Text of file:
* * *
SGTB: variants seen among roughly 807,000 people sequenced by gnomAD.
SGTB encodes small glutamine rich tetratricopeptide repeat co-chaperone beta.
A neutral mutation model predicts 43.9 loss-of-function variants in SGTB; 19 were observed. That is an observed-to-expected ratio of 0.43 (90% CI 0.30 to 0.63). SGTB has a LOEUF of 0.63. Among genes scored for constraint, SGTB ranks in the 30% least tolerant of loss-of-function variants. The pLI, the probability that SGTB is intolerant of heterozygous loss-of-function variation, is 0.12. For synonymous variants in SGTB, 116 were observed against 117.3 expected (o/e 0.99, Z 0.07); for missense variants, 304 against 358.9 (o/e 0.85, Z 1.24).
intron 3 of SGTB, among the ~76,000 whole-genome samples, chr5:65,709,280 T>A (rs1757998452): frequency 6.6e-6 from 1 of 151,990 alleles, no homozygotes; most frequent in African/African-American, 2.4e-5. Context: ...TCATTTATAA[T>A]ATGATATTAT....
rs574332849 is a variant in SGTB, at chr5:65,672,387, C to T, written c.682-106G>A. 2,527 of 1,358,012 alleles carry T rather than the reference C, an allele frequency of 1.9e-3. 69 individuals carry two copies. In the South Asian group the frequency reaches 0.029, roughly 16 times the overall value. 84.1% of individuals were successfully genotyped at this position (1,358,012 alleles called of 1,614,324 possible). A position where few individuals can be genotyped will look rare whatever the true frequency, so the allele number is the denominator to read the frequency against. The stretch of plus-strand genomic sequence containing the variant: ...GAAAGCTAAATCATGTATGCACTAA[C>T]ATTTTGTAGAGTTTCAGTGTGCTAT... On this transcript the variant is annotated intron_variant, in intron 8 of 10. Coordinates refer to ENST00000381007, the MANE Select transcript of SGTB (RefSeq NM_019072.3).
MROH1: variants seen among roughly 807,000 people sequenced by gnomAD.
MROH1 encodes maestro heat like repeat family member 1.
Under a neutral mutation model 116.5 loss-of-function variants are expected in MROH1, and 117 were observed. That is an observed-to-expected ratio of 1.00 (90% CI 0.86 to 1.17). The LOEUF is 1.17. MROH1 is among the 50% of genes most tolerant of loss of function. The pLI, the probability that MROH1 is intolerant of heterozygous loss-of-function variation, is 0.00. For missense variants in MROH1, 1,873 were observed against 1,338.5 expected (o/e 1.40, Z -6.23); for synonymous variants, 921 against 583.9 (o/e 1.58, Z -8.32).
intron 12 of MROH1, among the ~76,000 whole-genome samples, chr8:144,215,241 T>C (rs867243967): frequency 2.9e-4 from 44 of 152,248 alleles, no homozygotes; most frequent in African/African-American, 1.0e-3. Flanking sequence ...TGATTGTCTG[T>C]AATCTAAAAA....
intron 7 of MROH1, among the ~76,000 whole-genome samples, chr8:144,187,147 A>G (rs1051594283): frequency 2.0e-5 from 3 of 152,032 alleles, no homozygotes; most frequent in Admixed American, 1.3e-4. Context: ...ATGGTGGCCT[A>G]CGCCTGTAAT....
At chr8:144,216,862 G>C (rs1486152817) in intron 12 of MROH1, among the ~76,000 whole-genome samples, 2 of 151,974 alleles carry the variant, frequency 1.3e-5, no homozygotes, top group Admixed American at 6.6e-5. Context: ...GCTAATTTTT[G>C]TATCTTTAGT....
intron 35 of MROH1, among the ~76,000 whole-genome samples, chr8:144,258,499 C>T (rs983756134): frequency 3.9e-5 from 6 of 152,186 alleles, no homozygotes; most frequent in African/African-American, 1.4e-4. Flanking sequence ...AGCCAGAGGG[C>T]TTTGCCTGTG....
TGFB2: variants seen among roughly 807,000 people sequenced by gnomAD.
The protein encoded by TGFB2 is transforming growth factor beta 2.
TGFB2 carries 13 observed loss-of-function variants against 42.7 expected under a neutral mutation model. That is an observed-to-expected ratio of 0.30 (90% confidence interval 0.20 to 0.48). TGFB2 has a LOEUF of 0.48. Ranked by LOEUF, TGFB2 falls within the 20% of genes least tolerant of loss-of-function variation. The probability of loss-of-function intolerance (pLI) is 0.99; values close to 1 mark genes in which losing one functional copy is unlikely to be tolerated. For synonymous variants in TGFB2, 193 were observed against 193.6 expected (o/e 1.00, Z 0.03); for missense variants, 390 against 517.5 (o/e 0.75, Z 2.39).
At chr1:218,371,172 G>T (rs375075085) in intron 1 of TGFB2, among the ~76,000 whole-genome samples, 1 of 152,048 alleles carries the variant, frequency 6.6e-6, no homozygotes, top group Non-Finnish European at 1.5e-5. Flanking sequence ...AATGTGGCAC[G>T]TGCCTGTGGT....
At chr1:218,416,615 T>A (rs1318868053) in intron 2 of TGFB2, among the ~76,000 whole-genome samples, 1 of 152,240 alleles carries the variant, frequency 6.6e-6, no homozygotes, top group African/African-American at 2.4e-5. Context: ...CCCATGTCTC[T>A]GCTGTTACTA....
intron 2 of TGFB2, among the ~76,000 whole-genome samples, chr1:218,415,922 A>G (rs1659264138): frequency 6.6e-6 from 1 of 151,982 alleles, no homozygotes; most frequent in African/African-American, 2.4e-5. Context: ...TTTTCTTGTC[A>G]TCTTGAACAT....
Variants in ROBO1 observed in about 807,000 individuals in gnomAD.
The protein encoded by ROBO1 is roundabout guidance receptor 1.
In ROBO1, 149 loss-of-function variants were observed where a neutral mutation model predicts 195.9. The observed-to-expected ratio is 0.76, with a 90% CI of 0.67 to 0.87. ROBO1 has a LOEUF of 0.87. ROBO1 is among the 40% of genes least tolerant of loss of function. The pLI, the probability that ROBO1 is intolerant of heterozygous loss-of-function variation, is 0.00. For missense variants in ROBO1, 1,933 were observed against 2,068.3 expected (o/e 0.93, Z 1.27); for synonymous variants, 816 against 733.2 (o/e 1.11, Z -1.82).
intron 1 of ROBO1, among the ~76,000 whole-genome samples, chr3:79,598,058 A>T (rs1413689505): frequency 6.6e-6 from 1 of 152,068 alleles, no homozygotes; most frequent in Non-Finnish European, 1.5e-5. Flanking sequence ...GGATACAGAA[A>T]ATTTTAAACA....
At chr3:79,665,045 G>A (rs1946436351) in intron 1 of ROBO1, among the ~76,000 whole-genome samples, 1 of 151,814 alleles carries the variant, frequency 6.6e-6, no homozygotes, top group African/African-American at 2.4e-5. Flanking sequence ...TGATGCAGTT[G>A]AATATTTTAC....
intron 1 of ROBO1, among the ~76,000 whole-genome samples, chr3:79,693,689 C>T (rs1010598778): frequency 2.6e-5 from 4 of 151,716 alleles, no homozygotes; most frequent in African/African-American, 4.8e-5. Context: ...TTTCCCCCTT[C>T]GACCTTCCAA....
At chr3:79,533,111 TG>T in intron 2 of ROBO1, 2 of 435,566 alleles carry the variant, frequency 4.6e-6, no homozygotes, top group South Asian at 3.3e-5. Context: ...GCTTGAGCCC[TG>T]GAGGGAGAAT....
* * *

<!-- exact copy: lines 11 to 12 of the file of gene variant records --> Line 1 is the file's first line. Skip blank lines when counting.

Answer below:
At chr8:144,216,862 G>C (rs1486152817) in intron 12 of MROH1, among the ~76,000 whole-genome samples, 2 of 151,974 alleles carry the variant, frequency 1.3e-5, no homozygotes, top group Admixed American at 6.6e-5. Context: ...GCTAATTTTT[G>C]TATCTTTAGT....
intron 35 of MROH1, among the ~76,000 whole-genome samples, chr8:144,258,499 C>T (rs983756134): frequency 3.9e-5 from 6 of 152,186 alleles, no homozygotes; most frequent in African/African-American, 1.4e-4. Flanking sequence ...AGCCAGAGGG[C>T]TTTGCCTGTG....